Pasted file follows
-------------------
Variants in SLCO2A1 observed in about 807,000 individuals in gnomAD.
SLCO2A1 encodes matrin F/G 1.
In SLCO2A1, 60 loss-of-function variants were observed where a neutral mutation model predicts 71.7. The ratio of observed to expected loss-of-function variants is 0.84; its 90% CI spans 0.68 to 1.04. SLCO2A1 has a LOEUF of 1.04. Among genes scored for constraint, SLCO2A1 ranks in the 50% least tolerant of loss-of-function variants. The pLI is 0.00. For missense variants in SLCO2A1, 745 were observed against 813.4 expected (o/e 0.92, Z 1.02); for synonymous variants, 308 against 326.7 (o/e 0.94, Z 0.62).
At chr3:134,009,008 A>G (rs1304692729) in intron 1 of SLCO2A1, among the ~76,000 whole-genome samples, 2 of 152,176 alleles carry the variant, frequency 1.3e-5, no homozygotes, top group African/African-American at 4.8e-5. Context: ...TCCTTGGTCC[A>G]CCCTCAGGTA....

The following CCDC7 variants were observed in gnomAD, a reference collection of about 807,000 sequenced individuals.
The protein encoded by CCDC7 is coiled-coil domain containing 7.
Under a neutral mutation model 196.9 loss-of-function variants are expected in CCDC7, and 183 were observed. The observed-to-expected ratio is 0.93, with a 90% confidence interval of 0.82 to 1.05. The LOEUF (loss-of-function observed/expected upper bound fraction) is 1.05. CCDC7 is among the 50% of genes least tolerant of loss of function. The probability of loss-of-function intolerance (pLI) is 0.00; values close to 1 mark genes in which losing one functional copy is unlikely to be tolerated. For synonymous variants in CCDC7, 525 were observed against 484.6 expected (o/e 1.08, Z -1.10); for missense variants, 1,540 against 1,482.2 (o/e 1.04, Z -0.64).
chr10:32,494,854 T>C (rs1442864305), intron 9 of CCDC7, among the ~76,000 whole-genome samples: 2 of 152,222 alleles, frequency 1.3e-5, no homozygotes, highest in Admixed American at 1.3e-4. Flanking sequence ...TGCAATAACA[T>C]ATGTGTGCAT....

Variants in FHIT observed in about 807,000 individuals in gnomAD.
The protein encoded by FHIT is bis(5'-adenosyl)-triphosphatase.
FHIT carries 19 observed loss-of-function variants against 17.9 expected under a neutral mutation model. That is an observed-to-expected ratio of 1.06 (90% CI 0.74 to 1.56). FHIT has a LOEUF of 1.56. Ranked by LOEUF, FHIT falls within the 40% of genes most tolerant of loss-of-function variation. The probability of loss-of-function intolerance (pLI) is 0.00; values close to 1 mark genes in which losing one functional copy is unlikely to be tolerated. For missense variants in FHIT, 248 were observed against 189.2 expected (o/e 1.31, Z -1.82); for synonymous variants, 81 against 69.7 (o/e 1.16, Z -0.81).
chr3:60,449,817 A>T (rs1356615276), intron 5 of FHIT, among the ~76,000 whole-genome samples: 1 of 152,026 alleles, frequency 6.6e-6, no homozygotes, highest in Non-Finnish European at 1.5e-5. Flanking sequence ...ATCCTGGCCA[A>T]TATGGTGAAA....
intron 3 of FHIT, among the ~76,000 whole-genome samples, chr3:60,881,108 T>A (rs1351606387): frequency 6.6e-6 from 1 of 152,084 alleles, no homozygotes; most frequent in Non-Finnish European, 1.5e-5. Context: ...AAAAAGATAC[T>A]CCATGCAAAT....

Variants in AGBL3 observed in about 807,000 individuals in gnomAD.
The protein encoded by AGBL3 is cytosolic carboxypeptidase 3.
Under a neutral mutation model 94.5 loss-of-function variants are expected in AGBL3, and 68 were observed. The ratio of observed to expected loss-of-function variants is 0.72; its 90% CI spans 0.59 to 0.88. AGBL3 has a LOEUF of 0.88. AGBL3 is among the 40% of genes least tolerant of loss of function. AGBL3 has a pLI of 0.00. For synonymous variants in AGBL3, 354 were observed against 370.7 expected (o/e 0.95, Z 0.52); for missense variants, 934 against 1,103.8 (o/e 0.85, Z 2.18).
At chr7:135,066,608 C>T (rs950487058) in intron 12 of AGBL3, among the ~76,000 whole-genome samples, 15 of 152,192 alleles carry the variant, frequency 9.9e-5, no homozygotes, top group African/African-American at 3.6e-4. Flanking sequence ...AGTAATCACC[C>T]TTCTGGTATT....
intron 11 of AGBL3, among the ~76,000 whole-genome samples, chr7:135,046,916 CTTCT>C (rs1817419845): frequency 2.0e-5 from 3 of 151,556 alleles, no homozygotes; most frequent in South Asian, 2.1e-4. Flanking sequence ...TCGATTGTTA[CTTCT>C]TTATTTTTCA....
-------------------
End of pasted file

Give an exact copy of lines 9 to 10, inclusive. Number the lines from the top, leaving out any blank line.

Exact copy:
Variants in FHIT observed in about 807,000 individuals in gnomAD.
The protein encoded by FHIT is bis(5'-adenosyl)-triphosphatase.